Amazon Strikes Back After Trump Delivered Billionaire Bezos’s Online Behemoth A Crushing Blow

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Chris White Tech Reporter
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Amazon announced Thursday night plans to protest the Trump administration’s decision to award a coveted $10-billion cloud project to Microsoft rather than the mega online shopping company.

President Donald Trump’s alleged bias against the company’s founder, billionaire Jeff Bezos, played a part in the Department of Defense’s move, the company argued in a statement. Amazon officially lodged a complaint with the U.S. Court of Federal Claims.

“It’s critical for our country that the government and its elected leaders administer procurements objectively and in a manner that is free from political influence,” Drew Herdener, the Amazon spokesman, said in a press statement.

Herdener added: “Numerous aspects of the JEDI evaluation process contained clear deficiencies, errors and unmistakable bias — and it’s important that these matters be examined and rectified.” (RELATED: Trump Admin Gives $10 Billion Cloud Computing Project To Microsoft)

Republican presidential nominee Donald Trump gestures to supporters as he departs a campaign rally in Clive, Iowa, U.S., September 13, 2016. REUTERS/Mike Segar

Republican presidential nominee Donald Trump gestures to supporters as he departs a campaign rally in Clive, Iowa, U.S., September 13, 2016. REUTERS/Mike Segar

Amazon was long considered a front-runner for the so-called Joint Enterprise Defense Infrastructure, or JEDI. The decision to give Microsoft the deal came in October after Trump, a critic of Bezos, instructed the Defense Department in August to put the contract on hold.

Bezos’s company is playing for keeps, largely because Trump’s decision could completely reshape an enormous section of Amazon’s position in the cloud-computing industry. Microsoft is in a strong position to win future federal cloud-computing projects.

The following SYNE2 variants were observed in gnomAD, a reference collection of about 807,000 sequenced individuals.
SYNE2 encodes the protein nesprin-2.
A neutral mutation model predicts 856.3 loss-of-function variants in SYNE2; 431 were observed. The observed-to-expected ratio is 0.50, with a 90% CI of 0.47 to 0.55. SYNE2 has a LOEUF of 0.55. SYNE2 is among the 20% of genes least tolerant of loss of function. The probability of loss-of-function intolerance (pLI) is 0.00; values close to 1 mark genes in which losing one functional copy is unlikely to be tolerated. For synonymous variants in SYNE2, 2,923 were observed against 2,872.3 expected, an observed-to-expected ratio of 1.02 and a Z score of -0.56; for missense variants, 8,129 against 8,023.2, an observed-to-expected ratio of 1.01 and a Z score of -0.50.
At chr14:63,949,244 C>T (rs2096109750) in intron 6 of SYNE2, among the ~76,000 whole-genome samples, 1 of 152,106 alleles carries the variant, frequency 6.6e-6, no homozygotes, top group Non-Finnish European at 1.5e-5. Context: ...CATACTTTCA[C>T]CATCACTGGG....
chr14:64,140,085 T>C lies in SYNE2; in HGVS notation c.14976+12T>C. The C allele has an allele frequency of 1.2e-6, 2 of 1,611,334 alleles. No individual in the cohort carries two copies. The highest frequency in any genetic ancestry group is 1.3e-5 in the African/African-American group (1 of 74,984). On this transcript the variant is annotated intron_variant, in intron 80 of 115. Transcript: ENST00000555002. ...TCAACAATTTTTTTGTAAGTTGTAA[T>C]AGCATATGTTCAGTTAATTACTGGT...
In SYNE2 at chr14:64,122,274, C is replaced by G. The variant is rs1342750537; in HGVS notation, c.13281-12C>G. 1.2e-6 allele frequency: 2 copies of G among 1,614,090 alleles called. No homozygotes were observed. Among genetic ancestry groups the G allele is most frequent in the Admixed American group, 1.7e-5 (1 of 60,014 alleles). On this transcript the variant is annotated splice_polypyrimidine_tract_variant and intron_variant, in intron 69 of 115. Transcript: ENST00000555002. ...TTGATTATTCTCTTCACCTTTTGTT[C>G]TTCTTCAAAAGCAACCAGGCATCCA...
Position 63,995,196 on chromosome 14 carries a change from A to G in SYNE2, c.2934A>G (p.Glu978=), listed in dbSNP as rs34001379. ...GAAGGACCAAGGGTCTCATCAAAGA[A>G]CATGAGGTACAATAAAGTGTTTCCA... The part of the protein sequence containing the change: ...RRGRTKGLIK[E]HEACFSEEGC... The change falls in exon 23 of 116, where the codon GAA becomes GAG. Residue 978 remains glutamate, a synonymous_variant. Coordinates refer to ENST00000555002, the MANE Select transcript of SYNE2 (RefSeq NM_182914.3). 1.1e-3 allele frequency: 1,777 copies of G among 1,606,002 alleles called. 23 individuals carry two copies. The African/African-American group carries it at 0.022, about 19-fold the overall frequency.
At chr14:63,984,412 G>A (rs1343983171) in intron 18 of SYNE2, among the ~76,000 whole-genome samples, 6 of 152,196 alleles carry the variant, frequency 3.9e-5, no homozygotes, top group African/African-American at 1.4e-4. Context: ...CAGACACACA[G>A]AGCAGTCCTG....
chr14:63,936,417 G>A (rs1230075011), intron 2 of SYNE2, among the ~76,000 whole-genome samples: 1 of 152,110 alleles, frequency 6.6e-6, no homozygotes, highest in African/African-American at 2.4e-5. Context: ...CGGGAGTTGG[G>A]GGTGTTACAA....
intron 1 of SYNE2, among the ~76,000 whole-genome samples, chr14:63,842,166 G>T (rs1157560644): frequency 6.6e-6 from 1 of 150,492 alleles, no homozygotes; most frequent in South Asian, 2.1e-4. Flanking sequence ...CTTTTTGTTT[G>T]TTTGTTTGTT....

Trump’s past criticism of Bezos will give Amazon grounds to protest the award, Price Floyd, a former head of public affairs at the Pentagon who consulted for Amazon, told reporters in October.

“He’s the commander-in-chief, and he hasn’t been subtle about his hostility toward Amazon,” Floyd said.

Controversy plagued the cloud computing program.

Oracle, a computing giant, stated in a May complaint that former Defense Department official Deap Ubhi was offered shares in Amazon and a salary with the tech giant while he was finding a company to help build out JEDI. Ubhi never recused himself, according to the document. And then the president found out about the deal.

White House officials showed Trump a document in July that connects Ubhi and others to a ploy awarding Amazon the contract. The document is identical to one from Oracle lobbyist Kenneth Glueck, an executive vice president with the company. The Daily Caller News Foundation independently confirmed the existence of the charts.

The Defense Department has not responded to the DCNF’s request for comment.

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